A Lewiston High School graduate is set to perform on “The Sing-Off” two-hour premier Wednesday night at 9 p.m. as part of a cappella group, a. squared.
Nimal Eames-Scott may be just another Yale senior taking final exams in December, but as part of an a cappella/techno production group, he plans to compete for a $50,000 grand prize while performing before millions of viewers.
Eames-Scott said the group was formed about two years ago, and “basically, the four singers in the group were all in an a cappella group together here at Yale,” so they knew each other’s voices.
That’s when they met Jacob Reske, a musical mathematician who dabbled in music production.
“He sort of came up with the crazy idea that you can take the same technology that you would use for electronic music and apply it to music that is just voices — combine it with a cappella.”
Reske wasn’t much for singing himself, but he thought Eames-Scott, D.J. Stanfill, Jackson Thea and Paul Holmes would make the perfect vocalists for his technological experiment.
Stanfill himself has Maine roots as well. His mother, Valerie Stanfill, is a judge for the Augusta District Court.
Eames-Scott said a. squared’s sound comes from the Ableton Live software Reske uses.
“It allows us to loop our voices and add effects to them,” Eames-Scott said, “but it all happens live, in real time, on stage. We’ll sing, and whatever we sing will get recorded into a specific loop. Different effects will be added to the voice to make it sound like different sounds.”
Eames-Scott said the effect is that of building layers, “like a cake or an onion or an ogre,” he said. “Building all these layers of voices with different effects on them to create fully produced songs with all kinds of layers of instrumentation — but it’s all happening live.”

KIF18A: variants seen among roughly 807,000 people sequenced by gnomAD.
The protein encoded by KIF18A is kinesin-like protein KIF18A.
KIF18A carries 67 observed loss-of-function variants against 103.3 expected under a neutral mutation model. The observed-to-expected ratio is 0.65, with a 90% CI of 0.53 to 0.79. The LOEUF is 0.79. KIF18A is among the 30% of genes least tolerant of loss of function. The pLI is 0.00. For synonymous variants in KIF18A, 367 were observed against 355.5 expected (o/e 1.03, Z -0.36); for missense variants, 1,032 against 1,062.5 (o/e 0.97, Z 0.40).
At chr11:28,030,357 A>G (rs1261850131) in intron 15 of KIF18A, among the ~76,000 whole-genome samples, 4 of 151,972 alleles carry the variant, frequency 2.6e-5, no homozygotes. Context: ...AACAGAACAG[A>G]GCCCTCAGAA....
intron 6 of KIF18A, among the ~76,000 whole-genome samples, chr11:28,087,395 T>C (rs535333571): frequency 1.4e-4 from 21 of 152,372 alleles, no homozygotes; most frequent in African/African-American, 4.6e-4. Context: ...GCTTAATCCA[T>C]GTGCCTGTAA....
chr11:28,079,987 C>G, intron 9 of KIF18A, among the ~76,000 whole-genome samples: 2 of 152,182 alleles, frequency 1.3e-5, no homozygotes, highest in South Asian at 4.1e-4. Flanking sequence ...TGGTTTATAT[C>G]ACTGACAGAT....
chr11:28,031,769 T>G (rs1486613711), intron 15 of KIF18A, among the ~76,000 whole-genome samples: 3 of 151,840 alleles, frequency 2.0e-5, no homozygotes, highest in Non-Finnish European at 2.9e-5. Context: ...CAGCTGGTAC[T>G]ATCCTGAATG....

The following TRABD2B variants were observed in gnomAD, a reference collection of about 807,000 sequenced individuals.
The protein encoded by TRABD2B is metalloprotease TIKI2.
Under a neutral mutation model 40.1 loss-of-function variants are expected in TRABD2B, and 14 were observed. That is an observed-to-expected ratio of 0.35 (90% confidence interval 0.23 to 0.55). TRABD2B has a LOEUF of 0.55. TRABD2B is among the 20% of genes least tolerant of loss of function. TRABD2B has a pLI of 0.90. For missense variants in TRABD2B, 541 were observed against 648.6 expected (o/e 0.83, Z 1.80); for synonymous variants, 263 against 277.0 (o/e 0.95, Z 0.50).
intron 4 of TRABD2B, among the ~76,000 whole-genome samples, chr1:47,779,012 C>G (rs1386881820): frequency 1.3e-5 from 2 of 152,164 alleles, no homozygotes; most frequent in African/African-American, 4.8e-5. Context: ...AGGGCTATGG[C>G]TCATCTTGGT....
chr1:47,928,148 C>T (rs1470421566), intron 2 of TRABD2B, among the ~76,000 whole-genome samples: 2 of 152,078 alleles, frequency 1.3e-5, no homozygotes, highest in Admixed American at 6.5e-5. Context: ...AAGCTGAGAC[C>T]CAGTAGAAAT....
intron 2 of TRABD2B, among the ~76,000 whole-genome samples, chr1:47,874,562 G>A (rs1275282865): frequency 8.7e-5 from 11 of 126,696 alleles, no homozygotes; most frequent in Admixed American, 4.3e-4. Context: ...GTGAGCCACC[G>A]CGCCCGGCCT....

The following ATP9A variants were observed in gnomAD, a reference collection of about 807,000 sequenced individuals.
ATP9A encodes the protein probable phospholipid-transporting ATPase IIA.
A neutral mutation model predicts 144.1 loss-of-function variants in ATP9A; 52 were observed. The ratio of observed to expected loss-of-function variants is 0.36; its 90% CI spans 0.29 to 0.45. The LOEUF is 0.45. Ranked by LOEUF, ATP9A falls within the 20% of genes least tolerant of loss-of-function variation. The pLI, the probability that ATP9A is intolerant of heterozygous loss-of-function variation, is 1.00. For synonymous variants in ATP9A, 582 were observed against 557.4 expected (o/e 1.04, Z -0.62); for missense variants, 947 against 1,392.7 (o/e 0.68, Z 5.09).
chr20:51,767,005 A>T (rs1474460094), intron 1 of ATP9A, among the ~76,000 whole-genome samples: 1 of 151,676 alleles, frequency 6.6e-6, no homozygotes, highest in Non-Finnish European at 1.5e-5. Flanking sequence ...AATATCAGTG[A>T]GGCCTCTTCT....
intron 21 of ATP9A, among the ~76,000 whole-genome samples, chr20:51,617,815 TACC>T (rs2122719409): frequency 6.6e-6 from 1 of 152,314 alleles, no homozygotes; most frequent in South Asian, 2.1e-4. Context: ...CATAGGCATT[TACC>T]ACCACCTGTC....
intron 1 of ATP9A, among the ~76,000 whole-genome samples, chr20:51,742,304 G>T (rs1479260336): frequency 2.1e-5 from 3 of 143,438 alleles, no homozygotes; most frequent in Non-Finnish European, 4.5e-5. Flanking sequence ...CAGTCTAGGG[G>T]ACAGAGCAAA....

Working with this new technology offers the group constant opportunities for experimentation, and since the idea is their own, they aren’t held back by traditional ways, like much of his Yale experience, Eames-Scott said.
“We’re really making it up as we go along,” Eames-Scott said. “Every moment is a risk and a new discovery.”
Eames-Scott naturally wasn’t able to give away any spoilers, but he was able to comment on his time in the spotlight.
“Oh my God — it was nuts!” he exclaimed.
“Up until that performance, we had only been together for two years, and we had only performed for the first time a year ago,” Eames-Scott said. “Even before the show, we had (only) done four performances ever.”
Eames-Scott said that last year, he could count on one hand the number of people who had even heard of a. squared. Now, he said, the group had gone from performing for about 20 people to 7 million overnight.
He described the Dolby Theatre, where they performed as the “most beautiful and magnificent room I’ve ever been in.” The Dolby Theatre is also where the Oscars are held, and Eames-Scott said all of the theatre’s 3,400 seats were full.
Eames-Scott described the whole experience as “pretending to be famous for a little while,” while they walked the streets of Los Angeles, worked with production people and got fitted for wardrobes.
Dancing, however, was not in the plans.
Eames-Scott laughed and said he hopes he and his fellow singers, none of whom were modern dance majors, come off as adept dancers on television as they deal with singing, mixing the music and choreography simultaneously.
“We all see a bright future for a. squared,” Eames-Scott said, envisioning a time when the group can post a video on YouTube and expect exposure that goes farther than their mothers.